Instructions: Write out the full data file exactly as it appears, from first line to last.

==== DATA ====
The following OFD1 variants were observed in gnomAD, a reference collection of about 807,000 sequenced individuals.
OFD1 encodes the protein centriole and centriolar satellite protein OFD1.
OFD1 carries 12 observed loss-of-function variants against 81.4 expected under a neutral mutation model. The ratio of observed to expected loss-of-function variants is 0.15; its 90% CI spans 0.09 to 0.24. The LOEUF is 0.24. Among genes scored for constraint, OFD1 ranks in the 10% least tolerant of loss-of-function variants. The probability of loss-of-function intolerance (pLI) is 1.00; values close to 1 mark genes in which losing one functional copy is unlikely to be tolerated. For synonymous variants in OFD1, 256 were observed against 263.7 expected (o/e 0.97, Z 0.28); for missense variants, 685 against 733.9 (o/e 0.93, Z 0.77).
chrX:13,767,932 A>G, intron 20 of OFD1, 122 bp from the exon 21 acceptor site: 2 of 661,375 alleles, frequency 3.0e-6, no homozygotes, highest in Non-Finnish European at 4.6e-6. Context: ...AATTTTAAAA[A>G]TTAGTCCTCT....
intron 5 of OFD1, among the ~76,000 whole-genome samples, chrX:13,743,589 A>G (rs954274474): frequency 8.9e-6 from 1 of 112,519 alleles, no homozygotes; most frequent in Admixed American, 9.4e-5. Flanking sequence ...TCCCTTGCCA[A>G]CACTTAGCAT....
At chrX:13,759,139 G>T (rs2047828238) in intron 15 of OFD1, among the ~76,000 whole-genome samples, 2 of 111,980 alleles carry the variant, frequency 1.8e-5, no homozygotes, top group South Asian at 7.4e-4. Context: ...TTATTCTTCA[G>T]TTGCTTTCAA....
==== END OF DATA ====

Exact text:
The following OFD1 variants were observed in gnomAD, a reference collection of about 807,000 sequenced individuals.
OFD1 encodes the protein centriole and centriolar satellite protein OFD1.
OFD1 carries 12 observed loss-of-function variants against 81.4 expected under a neutral mutation model. The ratio of observed to expected loss-of-function variants is 0.15; its 90% CI spans 0.09 to 0.24. The LOEUF is 0.24. Among genes scored for constraint, OFD1 ranks in the 10% least tolerant of loss-of-function variants. The probability of loss-of-function intolerance (pLI) is 1.00; values close to 1 mark genes in which losing one functional copy is unlikely to be tolerated. For synonymous variants in OFD1, 256 were observed against 263.7 expected (o/e 0.97, Z 0.28); for missense variants, 685 against 733.9 (o/e 0.93, Z 0.77).
chrX:13,767,932 A>G, intron 20 of OFD1, 122 bp from the exon 21 acceptor site: 2 of 661,375 alleles, frequency 3.0e-6, no homozygotes, highest in Non-Finnish European at 4.6e-6. Context: ...AATTTTAAAA[A>G]TTAGTCCTCT....
intron 5 of OFD1, among the ~76,000 whole-genome samples, chrX:13,743,589 A>G (rs954274474): frequency 8.9e-6 from 1 of 112,519 alleles, no homozygotes; most frequent in Admixed American, 9.4e-5. Flanking sequence ...TCCCTTGCCA[A>G]CACTTAGCAT....
At chrX:13,759,139 G>T (rs2047828238) in intron 15 of OFD1, among the ~76,000 whole-genome samples, 2 of 111,980 alleles carry the variant, frequency 1.8e-5, no homozygotes, top group South Asian at 7.4e-4. Context: ...TTATTCTTCA[G>T]TTGCTTTCAA....